A Texas mom is lauding a local Chick-fil-A for how it handled a unique breakfast order for her 8-year-old son who is autistic.
Marlee Olivarez, in a Facebook post, says she and her son, Matthew, went through the drive-through window at the Edinburg, Texas, Chick-fil-A, where she ordered a Hash Brown Scramble Bowl – a breakfast bowl – for Matthew.
Because Matthew prefers the ingredients not to touch each other, Olivarez asked if the ingredients – egg, chicken, hash browns and cheese – could be separated.
“Of course, Chick-fil-A gladly did it,” Olivarez wrote on Facebook.
“When getting to the window to pay, we waited a bit because they had to take the time to separate everything,” she wrote. “The manager comes up and says ‘Out of the many years I’ve been working for Chick-fil-A, I have never heard or seen anyone ask for this item separated. I’m curious, is there a reason why?’ That was a perfect time to spread awareness and share how the mind and preferences of an individual with ASD [Autism Spectrum Disorder] work. I explained to him why & he was so glad I shared that tidbit. His response ‘I am so glad you shed some light to me and the employees today and thank you all so much for coming. Please do not hesitate to ask for it like this again.’”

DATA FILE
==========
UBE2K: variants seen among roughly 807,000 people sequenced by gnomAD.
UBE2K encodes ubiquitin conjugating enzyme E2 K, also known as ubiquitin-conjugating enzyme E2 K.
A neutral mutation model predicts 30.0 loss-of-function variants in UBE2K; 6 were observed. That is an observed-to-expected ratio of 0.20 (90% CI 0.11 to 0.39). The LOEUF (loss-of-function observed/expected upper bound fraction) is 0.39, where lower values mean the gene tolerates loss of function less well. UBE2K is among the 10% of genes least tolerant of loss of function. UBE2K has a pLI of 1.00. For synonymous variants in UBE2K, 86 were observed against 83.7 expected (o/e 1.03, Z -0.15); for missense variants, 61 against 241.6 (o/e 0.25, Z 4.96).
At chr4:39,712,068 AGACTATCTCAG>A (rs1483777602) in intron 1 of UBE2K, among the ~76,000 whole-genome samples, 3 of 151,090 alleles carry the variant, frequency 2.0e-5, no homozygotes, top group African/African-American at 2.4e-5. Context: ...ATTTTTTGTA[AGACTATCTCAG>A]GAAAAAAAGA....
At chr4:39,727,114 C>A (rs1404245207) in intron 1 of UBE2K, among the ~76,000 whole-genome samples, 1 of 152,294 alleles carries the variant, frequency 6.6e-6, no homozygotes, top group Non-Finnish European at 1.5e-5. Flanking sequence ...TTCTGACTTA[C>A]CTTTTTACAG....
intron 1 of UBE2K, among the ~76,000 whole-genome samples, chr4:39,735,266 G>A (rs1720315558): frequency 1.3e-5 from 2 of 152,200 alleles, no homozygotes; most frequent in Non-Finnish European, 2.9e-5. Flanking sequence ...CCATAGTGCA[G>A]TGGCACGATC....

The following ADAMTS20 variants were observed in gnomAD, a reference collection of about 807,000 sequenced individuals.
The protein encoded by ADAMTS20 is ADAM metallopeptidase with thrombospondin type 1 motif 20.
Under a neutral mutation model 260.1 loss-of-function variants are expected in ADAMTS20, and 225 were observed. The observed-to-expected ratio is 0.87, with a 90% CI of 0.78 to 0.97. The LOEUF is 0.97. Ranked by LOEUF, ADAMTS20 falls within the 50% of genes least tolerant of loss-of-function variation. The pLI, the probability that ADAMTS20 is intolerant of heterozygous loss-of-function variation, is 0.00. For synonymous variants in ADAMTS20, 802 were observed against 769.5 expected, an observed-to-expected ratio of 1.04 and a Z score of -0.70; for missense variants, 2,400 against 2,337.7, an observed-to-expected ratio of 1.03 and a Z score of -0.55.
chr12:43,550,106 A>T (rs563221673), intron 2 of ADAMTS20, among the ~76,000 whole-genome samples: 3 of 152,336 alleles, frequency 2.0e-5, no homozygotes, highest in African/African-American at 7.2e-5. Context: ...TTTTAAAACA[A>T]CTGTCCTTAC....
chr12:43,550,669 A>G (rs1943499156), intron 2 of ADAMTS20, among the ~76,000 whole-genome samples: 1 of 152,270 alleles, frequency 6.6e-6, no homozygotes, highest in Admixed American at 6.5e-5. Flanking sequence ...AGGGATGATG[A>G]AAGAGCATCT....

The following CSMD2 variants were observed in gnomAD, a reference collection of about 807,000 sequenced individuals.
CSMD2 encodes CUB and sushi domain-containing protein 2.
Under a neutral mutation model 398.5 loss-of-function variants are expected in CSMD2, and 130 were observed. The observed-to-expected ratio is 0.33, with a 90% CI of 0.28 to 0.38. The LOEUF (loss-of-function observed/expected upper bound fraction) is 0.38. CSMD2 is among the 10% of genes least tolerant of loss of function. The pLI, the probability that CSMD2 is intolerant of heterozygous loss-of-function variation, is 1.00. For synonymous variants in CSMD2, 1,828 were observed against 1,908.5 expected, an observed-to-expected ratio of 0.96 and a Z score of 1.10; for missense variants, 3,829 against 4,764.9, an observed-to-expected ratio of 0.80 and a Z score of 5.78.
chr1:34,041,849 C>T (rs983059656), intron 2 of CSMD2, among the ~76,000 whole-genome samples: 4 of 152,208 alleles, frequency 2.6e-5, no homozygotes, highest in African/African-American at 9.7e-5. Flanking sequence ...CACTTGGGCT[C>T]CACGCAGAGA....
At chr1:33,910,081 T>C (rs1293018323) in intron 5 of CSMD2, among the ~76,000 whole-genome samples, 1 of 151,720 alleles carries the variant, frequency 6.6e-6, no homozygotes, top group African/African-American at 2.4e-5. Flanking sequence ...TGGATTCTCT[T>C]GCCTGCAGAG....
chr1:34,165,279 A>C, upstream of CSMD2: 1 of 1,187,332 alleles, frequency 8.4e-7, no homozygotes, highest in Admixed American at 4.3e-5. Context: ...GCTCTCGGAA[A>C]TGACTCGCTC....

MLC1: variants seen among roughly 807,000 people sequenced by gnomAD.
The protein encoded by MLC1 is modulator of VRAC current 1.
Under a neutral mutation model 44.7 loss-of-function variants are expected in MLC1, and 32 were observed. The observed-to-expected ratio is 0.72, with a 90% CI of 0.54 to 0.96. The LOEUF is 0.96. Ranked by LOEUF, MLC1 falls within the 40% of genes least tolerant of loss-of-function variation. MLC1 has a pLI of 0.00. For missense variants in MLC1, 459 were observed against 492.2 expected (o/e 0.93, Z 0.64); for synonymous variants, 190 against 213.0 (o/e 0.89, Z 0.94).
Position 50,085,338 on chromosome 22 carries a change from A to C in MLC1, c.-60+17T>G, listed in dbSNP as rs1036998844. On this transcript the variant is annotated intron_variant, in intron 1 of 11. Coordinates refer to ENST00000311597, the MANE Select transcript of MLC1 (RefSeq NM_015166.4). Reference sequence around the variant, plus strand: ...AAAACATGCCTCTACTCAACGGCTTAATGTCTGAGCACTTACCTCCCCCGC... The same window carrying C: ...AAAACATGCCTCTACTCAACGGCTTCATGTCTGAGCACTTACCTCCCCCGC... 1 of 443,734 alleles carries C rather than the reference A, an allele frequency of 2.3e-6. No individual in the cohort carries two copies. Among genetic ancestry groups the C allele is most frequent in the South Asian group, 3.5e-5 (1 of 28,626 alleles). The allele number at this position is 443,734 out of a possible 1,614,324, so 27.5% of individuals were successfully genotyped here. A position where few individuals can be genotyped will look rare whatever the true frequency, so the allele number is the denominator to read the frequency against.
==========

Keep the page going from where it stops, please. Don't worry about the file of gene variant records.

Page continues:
Chick-fil-A placed each ingredient in a separate bowl.
The story went viral on Facebook with 7,000 shares and received media coverage in local and national outlets. Olivarez labeled the post “Autism Awareness Post.”
“Thank you Chick-fil-A Edinburg for politely asking and understanding something someone might see as annoying or inconvenient and making Matthew his breakfast in a way that he would eat it and not have an overload with the different textures,” the mom wrote.
Sam Guardiola, who works at the Edinburg Chick-fil-A, told KVEO-TV he was glad Olivarez spoke up.
“She informed me that it was because of her son who’s autistic, and he wanted to feel the texture of each individual item,” Guardiola said. “So, me being a father of three, I understood her completely. … It was more of a pleasure. I know Chick-fil-A is about guest service, customer service, and striving to do the best for our guest and so it was just something so natural to do for her. When she was so grateful for it, well, it just encouraged the whole team to do an even better job.”
Photo courtesy: ©Getty Images/Tom Pennington/Stringer
Michael Foust has covered the intersection of faith and news for 20 years. His stories have appeared in Baptist Press, Christianity Today, The Christian Post, the Leaf-Chronicle, the Toronto Star and the Knoxville News-Sentinel.